Monday, October 5, 2015

The Family That Plays Together

Every other year or so, the theatre group that I perform with puts on a show called “Remembering the 40’s.” The show is a revue made up of songs, dances, and sketches from the 1940s, starting just before the U.S. entered World War II, and ending with a celebration of New Year’s Eve, 1949. There are scenes of the soldiers at the front receiving letters from home, the women back home working in the factories and selling war bonds, several scenes from the Rodgers and Hammerstein classics South Pacific and Oklahoma, dance performances by a group of alumnae of the Radio City Rockettes and others, and a full-scale radio show. There are actors portraying such celebrities as Jack Benny, George Burns and Gracie Allen, Bob Hope, Rita Hayworth, Abbott and Costello, Jimmy Durante, and Mel Blanc.

This show has always been very special to me (see this blog entry). I often comment that it is my favorite show to perform with this group. Seeing the people I portray on stage in the audience watching my performance is both humbling and exciting. But this year’s performance was extra-special to me because not only did I get to perform with my husband, but with both my children as well.

One of my favorite scenes in the show is the song, “Be a Good Soldier.” The song is sung by a father who is in the army and going off to war. He is reminding his young son to take care of his mother, to obey her, and to remember and pray for his daddy while he is away overseas. The scene is sung to the side of the stage while it is acted out in a spotlight in the center of the stage. This year, my son played the part of the young boy. He is a rather intense and sometimes serious young man, and he took his part very seriously. The man portraying the soldier was absolutely wonderful with him. He whispered to him quietly to coach him about what was going on, “Give me a big hug,” “Let’s look out to the audience,” “Now give me a salute.” Any changes or corrections he was given (look back at your dad when you leave, turn towards the audience instead of away, nod when Daddy gives you the baseball glove), he remembered every time. I was so proud of him. And I was so pleased that he genuinely enjoyed being up there on stage.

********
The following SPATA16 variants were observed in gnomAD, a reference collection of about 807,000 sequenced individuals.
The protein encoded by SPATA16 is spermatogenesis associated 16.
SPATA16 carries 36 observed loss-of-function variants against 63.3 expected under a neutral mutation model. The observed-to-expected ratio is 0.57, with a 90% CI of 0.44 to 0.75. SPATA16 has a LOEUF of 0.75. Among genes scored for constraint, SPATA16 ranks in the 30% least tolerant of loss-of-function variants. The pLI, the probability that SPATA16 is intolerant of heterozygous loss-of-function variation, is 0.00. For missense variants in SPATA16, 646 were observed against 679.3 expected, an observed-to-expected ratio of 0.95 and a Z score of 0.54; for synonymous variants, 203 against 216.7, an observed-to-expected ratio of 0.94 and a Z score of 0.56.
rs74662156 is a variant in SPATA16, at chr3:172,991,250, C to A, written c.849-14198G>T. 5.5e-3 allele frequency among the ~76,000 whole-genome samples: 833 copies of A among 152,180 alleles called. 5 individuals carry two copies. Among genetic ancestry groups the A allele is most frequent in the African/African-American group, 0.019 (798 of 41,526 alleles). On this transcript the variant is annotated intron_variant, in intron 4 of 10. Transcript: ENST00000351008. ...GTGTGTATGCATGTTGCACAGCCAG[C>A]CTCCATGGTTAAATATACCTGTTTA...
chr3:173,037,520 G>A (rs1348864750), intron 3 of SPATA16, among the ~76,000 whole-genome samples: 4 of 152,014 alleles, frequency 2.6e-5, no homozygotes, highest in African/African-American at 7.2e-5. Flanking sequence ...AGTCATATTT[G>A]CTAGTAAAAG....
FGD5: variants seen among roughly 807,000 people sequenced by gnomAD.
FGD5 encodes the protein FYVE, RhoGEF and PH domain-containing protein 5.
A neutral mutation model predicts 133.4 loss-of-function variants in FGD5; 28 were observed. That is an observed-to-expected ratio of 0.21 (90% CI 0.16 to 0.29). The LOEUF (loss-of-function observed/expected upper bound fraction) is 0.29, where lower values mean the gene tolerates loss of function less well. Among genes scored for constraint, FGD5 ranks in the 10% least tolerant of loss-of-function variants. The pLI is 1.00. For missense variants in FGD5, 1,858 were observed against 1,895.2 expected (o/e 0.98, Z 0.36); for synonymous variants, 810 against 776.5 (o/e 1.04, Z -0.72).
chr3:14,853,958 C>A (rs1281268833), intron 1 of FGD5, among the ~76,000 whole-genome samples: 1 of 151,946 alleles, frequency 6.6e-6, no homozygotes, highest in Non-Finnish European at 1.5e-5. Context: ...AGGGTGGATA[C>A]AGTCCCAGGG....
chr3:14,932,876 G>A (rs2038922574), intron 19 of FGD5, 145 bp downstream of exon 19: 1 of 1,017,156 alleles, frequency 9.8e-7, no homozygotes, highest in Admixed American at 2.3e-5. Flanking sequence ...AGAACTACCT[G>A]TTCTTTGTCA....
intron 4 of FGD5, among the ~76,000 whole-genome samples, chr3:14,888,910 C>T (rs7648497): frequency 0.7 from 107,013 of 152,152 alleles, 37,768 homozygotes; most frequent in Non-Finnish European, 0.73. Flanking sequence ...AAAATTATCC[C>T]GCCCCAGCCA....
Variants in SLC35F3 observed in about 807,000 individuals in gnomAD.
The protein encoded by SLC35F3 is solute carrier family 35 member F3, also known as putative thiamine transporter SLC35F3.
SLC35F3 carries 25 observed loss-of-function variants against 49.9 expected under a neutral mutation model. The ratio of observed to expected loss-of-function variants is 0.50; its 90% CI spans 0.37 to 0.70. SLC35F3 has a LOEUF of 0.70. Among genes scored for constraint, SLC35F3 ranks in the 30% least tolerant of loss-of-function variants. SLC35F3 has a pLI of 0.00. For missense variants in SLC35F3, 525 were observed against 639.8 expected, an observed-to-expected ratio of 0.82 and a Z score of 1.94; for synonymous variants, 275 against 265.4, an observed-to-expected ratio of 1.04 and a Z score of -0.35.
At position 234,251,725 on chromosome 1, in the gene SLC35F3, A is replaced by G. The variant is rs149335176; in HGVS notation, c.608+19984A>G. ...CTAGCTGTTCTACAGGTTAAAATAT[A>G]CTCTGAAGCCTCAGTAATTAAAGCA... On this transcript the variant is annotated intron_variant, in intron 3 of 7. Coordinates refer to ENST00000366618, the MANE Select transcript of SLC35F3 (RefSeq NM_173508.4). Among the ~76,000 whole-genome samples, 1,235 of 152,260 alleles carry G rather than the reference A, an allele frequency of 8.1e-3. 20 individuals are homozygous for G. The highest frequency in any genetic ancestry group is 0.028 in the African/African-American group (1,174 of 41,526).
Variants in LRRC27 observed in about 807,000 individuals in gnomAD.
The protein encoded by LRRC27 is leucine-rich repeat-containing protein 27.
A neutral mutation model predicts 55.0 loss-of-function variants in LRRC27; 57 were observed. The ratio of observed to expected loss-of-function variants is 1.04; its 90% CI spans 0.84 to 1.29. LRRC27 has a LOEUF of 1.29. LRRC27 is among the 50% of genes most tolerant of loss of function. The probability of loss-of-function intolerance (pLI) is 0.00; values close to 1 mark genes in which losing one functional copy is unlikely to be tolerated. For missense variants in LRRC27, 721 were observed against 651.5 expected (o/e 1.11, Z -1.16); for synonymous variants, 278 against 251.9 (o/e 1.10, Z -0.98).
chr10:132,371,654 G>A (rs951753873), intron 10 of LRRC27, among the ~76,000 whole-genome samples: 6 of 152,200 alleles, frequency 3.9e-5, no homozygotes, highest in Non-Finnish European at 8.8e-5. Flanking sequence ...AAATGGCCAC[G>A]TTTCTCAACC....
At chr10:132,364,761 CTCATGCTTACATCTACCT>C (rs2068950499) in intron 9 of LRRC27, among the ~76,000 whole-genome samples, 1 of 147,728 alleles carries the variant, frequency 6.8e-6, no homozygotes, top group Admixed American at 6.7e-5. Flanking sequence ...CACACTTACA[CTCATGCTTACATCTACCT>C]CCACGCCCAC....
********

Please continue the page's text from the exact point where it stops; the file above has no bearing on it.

The opening of the second act of the show was another opportunity for my son to be on stage, along with my daughter. The second act is a radio show, so at the opening, a family is sitting around an old-fashioned radio, listening to snippets of “The Lone Ranger,” “Abbott and Costello,” “Amos and Andy,” “Jimmy Durante,” and “Henry Aldrich.” I dug through our toy box and came up with an old wooden fire truck and a jointed teddy bear that both looked like they came from the 1940s, and our wonderful costumer came up with a flannel nightgown and some striped pajamas for the kids to wear. The kids behaved exactly as kids would have at that time: My son played with his toy and reacted to what was playing on the radio; my daughter was somewhat oblivious and just wanted to curl up on my lap and snuggle. It worked.